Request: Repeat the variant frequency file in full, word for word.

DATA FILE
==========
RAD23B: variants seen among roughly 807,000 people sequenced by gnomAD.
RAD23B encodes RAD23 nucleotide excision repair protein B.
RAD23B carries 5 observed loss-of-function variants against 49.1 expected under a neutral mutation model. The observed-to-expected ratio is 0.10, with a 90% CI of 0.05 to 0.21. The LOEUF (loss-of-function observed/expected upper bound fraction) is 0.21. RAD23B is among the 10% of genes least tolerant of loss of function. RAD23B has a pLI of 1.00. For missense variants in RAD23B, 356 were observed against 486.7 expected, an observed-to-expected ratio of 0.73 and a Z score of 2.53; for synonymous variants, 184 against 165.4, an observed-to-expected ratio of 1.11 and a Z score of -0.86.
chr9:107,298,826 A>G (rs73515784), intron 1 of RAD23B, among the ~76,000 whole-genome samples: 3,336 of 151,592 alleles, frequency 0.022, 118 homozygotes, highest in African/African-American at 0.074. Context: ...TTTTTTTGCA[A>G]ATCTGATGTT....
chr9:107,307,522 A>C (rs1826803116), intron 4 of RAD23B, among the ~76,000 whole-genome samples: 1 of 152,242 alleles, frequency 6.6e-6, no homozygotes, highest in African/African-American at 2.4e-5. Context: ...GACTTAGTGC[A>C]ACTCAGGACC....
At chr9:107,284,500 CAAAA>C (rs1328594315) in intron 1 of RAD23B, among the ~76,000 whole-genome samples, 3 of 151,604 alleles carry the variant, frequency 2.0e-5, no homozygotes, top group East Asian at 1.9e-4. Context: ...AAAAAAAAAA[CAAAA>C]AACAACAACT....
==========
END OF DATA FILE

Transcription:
RAD23B: variants seen among roughly 807,000 people sequenced by gnomAD.
RAD23B encodes RAD23 nucleotide excision repair protein B.
RAD23B carries 5 observed loss-of-function variants against 49.1 expected under a neutral mutation model. The observed-to-expected ratio is 0.10, with a 90% CI of 0.05 to 0.21. The LOEUF (loss-of-function observed/expected upper bound fraction) is 0.21. RAD23B is among the 10% of genes least tolerant of loss of function. RAD23B has a pLI of 1.00. For missense variants in RAD23B, 356 were observed against 486.7 expected, an observed-to-expected ratio of 0.73 and a Z score of 2.53; for synonymous variants, 184 against 165.4, an observed-to-expected ratio of 1.11 and a Z score of -0.86.
chr9:107,298,826 A>G (rs73515784), intron 1 of RAD23B, among the ~76,000 whole-genome samples: 3,336 of 151,592 alleles, frequency 0.022, 118 homozygotes, highest in African/African-American at 0.074. Context: ...TTTTTTTGCA[A>G]ATCTGATGTT....
chr9:107,307,522 A>C (rs1826803116), intron 4 of RAD23B, among the ~76,000 whole-genome samples: 1 of 152,242 alleles, frequency 6.6e-6, no homozygotes, highest in African/African-American at 2.4e-5. Context: ...GACTTAGTGC[A>C]ACTCAGGACC....
At chr9:107,284,500 CAAAA>C (rs1328594315) in intron 1 of RAD23B, among the ~76,000 whole-genome samples, 3 of 151,604 alleles carry the variant, frequency 2.0e-5, no homozygotes, top group East Asian at 1.9e-4. Context: ...AAAAAAAAAA[CAAAA>C]AACAACAACT....